Diehl last performed with the Cleveland Orchestra at Blossom in July, 2017 with Gershwin’s Piano Concerto in F major, conducted by Jahja Ling. He also played the work with the New York Philharmonic for the opening gala performance of their 2016-17 season. He's looking forward to returning to Blossom.

"The Cleveland Orchestra's one of the best orchestras in the world,'' he said. "I just remember when I first played with them in 2017, I was just blown away by the balance of the orchestra, the sound" and how well everyone listened to each other. "As a jazz musician, that's like one of our required skills, to be acute listeners, because when we're playing together, we're improvising many times together."

Diehl, who wants to see more compositions from the jazz genre introduced into orchestras, has a goal of one day writing a piano concerto. He began studying classical piano at age 7 and counts his grandfather — pianist and trumpeter Arthur Baskerville — as one of his first influences.

 

Passion for jazz

Pianist Diehl is the son of funeral director Richard and education administrator Estelle, a former Olympic high jumper. They still live in Columbus.

Diehl's passion for jazz began when he attended Interlochen Arts Camp in Michigan as a pre-teen. By age 15, he was playing in the Columbus Jazz Youth Orchestra.

Diehl was a finalist in Jazz at Lincoln Center’s Essentially Ellington competition, where he was noticed by Wynton Marsalis at age 17. Soon afterward, Marsalis invited the teen to tour Europe with his septet the summer before Diehl began his music studies at the Juilliard School.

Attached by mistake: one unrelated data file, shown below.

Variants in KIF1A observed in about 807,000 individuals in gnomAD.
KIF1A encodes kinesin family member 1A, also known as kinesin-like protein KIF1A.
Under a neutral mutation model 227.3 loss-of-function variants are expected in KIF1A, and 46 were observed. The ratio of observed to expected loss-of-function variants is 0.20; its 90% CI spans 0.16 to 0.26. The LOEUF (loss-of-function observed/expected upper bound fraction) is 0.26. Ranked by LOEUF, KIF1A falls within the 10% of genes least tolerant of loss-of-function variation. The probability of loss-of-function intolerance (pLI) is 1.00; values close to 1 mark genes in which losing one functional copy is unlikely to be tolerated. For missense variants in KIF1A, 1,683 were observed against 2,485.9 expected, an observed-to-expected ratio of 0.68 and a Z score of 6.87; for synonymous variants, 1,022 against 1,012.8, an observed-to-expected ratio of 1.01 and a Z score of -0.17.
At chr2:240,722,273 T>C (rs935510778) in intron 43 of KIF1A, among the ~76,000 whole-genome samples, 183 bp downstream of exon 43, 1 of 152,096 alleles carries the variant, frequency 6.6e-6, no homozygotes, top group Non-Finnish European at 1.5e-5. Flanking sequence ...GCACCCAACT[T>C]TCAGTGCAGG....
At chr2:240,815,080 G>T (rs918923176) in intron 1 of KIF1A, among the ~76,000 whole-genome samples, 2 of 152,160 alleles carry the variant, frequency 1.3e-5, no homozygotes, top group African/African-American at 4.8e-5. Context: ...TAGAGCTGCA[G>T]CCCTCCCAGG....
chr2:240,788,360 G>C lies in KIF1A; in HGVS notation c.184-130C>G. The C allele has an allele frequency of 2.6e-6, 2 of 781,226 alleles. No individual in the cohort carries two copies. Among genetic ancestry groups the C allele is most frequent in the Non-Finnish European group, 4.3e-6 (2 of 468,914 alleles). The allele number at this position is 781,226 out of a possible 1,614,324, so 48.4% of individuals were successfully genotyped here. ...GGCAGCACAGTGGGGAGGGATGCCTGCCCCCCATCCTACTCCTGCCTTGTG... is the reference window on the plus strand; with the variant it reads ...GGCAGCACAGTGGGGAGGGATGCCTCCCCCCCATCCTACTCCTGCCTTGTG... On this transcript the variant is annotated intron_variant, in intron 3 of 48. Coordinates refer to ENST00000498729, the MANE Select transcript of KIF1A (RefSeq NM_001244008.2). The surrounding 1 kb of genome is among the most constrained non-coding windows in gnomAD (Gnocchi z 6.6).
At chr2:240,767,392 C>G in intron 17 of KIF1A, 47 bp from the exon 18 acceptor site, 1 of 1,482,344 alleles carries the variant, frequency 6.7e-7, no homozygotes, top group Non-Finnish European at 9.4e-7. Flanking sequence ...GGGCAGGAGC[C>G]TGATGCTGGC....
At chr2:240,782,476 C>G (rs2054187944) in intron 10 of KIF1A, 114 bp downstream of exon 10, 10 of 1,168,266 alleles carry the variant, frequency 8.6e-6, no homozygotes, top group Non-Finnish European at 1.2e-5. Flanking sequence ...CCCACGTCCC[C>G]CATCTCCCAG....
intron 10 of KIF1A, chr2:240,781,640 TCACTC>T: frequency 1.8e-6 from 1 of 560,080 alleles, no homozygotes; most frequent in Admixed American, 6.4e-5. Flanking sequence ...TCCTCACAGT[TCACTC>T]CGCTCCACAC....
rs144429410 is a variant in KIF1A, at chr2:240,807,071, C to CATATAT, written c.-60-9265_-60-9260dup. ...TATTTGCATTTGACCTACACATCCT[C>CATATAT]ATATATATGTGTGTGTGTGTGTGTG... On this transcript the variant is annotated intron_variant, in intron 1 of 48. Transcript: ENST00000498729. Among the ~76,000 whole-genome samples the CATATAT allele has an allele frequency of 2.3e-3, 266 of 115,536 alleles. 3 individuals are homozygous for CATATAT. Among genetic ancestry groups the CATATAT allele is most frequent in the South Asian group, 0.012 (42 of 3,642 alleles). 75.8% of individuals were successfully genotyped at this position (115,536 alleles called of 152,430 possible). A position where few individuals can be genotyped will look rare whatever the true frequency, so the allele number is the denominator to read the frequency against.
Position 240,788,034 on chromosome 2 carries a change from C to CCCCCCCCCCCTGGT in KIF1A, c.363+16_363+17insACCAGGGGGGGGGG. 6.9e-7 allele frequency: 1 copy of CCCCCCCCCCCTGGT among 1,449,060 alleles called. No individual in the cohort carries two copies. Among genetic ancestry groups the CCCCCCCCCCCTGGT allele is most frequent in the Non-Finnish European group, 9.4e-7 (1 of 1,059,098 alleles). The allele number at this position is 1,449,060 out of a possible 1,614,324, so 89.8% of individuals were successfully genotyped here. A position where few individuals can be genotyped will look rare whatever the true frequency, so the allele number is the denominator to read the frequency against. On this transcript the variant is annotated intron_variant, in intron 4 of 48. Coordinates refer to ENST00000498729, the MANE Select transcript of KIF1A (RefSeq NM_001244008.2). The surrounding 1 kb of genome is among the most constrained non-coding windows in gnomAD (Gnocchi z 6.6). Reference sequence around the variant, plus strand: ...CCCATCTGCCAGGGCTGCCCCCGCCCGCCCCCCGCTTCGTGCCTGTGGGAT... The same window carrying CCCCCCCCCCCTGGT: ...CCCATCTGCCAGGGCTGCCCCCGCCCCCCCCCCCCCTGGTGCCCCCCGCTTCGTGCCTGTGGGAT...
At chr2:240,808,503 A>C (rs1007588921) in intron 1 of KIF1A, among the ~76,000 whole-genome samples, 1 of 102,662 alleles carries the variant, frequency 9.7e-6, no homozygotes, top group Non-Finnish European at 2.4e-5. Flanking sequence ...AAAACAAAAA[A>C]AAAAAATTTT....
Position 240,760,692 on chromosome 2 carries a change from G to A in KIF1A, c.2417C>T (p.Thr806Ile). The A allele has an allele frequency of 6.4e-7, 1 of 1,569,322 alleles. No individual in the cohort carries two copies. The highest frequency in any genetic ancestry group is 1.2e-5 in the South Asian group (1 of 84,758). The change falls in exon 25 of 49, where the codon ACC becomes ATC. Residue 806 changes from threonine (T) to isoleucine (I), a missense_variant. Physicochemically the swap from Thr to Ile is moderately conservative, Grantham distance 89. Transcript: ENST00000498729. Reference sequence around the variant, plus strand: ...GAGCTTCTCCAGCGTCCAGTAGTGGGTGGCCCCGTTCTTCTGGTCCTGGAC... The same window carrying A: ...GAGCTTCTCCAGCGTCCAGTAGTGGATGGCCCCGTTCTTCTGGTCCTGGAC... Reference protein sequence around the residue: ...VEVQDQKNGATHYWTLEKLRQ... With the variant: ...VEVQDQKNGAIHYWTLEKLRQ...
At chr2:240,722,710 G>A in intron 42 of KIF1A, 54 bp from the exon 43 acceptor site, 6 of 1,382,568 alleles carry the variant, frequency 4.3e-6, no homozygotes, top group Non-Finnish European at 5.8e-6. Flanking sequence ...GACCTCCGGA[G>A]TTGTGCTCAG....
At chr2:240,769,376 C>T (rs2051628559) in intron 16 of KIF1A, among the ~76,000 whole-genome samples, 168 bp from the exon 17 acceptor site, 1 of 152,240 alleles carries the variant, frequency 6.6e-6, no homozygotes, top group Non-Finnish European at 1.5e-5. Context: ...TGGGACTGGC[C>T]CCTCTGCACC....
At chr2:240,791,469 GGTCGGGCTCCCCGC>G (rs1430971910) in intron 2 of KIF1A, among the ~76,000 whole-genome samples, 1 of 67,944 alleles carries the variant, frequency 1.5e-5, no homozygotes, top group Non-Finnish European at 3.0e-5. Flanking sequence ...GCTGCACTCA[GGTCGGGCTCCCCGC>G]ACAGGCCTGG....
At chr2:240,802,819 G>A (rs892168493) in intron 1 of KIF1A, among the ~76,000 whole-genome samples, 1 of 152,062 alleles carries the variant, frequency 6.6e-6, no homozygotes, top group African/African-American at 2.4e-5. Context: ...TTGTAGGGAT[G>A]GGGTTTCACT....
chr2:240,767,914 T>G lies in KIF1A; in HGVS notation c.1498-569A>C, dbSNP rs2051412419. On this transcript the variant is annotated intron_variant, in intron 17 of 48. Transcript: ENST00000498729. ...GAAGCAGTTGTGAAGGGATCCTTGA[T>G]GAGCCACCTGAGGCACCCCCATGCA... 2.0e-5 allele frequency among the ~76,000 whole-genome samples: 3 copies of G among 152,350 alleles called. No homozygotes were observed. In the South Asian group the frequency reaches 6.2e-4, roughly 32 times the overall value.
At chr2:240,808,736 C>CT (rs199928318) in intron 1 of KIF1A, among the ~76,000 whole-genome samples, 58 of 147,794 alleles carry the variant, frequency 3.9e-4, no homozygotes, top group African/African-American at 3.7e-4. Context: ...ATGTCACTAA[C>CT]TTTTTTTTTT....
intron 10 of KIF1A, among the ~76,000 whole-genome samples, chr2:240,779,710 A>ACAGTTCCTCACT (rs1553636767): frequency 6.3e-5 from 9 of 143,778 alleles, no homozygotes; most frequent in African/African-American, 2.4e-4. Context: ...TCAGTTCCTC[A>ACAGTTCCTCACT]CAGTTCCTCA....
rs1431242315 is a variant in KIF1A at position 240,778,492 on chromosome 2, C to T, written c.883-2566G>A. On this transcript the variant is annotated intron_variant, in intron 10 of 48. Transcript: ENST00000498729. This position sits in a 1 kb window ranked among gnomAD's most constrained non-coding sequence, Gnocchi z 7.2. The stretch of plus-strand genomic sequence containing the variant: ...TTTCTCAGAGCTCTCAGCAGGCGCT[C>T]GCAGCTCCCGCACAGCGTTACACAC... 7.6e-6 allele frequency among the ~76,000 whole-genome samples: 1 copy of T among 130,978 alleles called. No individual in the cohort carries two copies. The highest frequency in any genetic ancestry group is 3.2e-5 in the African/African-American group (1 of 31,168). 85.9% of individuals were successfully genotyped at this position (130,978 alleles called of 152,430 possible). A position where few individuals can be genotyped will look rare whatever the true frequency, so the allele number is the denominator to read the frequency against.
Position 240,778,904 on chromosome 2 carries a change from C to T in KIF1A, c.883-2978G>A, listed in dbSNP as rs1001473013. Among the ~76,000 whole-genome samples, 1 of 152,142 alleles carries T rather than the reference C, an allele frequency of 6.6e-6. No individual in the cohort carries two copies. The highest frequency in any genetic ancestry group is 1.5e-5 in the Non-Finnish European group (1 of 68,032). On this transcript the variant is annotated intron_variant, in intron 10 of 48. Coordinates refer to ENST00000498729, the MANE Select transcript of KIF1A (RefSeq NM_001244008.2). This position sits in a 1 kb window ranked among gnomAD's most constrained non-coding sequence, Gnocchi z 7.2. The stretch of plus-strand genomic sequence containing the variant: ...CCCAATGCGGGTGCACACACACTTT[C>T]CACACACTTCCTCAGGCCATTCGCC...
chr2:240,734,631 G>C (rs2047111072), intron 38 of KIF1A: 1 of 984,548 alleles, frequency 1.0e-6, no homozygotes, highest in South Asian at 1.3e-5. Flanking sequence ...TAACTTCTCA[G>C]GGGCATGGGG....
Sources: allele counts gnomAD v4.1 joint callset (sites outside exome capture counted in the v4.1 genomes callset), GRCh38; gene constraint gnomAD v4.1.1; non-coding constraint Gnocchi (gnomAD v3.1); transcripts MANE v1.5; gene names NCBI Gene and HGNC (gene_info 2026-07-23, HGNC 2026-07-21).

Marsalis famously referred to the young jazz pianist as “The Real Diehl.”

"It was great but it was also very scary,'' he said. "Wynton's a demanding band leader and at that age, he expected a lot of me. I think it was sort of like a trial by fire. ... I think it's always good to play with musicians who are better than you. No matter what level or what age, that always pushes you to the next stage."

Diehl's been a staple of the New York jazz scene since 2007 and has toured the United States and Europe with jazz vocalist Cecile McLorin Salvant and their trio. He was winner of the American Pianists Association’s Cole Porter Fellowship in 2011 and served as music director for Jazz at Lincoln Center’s New Orleans Songbook series in 2014-15. Diehl also performed in the 2014 New York premiere of Philip Glass’ complete Etudes at the Brooklyn Academy of Music.

He has this advice for young musicians: "Find the music that really resonates with you and enjoy it and dig deeper into it."

Jazz pianists Erroll Garner, Tatum and Johnson have always resonated with him: "I always find it fascinating, the music, and very rewarding to imitate their style and try to find my own unique voice through the lens of their sounds."

Arts writer Kerry Clawson may be reached at 330-996-3527 or kclawson@thebeaconjournal.com. Follow her at @KerryClawsonABJ or www.facebook.com/kclawsonabj.